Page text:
April 28 - The latest merger and acquisition trend is being fueled by corporations finally willing to part with cash savings, attempts to get ahead of expected higher interest rates, and bets on an improving European economy. Lily Jamali reports.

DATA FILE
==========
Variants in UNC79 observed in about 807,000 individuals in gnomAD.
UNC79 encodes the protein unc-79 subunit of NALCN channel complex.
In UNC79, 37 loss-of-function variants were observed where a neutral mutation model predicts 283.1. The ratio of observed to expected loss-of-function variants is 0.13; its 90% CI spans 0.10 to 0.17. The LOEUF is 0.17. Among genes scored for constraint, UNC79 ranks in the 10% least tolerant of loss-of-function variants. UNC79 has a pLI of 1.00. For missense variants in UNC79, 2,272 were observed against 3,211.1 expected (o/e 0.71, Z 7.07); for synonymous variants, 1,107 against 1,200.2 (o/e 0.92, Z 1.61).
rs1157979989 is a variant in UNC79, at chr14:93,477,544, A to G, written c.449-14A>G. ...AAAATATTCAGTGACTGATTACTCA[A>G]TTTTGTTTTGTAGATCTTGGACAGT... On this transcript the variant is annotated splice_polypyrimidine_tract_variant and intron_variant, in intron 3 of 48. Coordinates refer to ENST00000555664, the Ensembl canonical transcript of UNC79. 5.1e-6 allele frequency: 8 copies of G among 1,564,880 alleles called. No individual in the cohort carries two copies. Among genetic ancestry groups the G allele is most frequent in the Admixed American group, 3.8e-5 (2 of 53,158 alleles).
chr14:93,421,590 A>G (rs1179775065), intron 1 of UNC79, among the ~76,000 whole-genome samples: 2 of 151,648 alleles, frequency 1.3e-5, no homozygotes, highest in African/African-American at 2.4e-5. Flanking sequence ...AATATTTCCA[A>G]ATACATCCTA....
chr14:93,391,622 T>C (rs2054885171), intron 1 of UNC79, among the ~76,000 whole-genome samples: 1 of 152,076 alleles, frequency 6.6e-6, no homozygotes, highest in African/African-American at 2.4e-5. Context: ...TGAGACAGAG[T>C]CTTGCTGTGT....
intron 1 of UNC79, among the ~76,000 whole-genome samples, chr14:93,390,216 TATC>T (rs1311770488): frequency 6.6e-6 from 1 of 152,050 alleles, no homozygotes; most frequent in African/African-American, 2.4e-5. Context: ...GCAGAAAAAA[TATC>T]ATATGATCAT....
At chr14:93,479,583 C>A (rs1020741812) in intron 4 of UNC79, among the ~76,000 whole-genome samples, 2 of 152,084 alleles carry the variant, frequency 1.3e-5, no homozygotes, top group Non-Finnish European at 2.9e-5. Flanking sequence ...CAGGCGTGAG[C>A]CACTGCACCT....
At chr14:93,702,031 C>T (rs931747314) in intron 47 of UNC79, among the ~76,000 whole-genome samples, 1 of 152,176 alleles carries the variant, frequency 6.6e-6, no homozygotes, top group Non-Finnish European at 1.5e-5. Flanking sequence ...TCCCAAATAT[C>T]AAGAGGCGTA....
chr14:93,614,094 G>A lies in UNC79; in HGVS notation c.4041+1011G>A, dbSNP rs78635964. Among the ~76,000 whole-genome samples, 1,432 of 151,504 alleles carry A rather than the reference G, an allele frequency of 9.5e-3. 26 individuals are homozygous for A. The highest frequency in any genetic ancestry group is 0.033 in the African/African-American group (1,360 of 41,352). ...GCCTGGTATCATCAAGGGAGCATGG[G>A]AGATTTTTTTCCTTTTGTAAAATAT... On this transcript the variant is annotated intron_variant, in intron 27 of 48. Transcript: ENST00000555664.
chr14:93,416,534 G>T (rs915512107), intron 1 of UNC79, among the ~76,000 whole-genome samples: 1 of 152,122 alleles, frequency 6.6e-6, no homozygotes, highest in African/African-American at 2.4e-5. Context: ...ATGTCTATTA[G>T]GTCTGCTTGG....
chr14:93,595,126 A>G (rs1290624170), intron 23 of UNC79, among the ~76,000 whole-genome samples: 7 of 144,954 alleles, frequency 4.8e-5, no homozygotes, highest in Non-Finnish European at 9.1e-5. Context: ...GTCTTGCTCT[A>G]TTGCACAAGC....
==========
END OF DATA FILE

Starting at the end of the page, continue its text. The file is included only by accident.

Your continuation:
PLEASE NOTE: THIS EDIT CONTAINS CONVERTED 4:3 MATERIAL The M&A machine keeps churning out new deals. On Monday Big Pharma led the way, with Pfizer announcing a $100 billion bid for foreign drugmaker AstraZeneca. And Forest Laboratories announced it was buying Furiex Pharmaceuticals for about $1.5 billion. With $150 billion in possible mergers announced Monday alone, Assistant Professor Moshe Cohen of Columbia Business School says dealmaking may finally be catching up with the bull market: SOUNDBITE: MOSHE COHEN, ASSISTANT PROFESSOR OF FINANCE AND ECONOMICS, COLUMBIA BUSINESS SCHOOL (ENGLISH) SAYING: "M & A activity really has not picked up as much as the markets so you're seeing both opportunity for deals and deals that have probably been planned for a very long time now becoming more advantageous." Cohen says the current boom is marked by fewer - but larger - deals than in the recent past. And another unique feature: in a number of cases the share prices of both parties to a merger are rising, like in the case of Pfizer and AstraZeneca. SOUNDBITE: MOSHE COHEN, ASSISTANT PROFESSOR OF FINANCE AND ECONOMICS, COLUMBIA BUSINESS SCHOOL (ENGLISH) SAYING: "It's consistent with the deals being done a little more carefully. Even though they're large, and potentially being mutually beneficial for both the acquirer and the target." As the Fed tightens monetary policy, the prospect of an interest rate increase on the horizon is a big part of the recent surge in deal making, says Thomas Burnett, Vice Chairman and Director of Research at Wall Street Access: SOUNDBITE: THOMAS BURNETT, DIRECTOR OF RESEARCH/VICE CHAIRMAN, WALL STREET ACCESS (ENGLISH) SAYING: "Everyone knows rates are going up. We don't know when but it's likely to be happening in the next 18 months so you want to make sure you're in line and through the revolving door before the music stops." Burnett says another deal driver has been a brighter outlook on Europe. He adds that many sectors are likely to see consolidation ahead, including tech, mining and energy: SOUNDBITE: THOMAS BURNETT, DIRECTOR OF RESEARCH/VICE CHAIRMAN, WALL STREET ACCESS (ENGLISH) SAYING: "We think that natural gas sector is going to be rife with deals because junior and midlevel producing companies went out and borrowed to buy acreage in reserves and prices went down and they got stuck. Now the prices are back up and they're looking for rescue. We think there's going to be a lot of M&A activity in that space." Not so much in the financial sector - says Burnett - which he thinks is still mired in regulatory issues for the time being.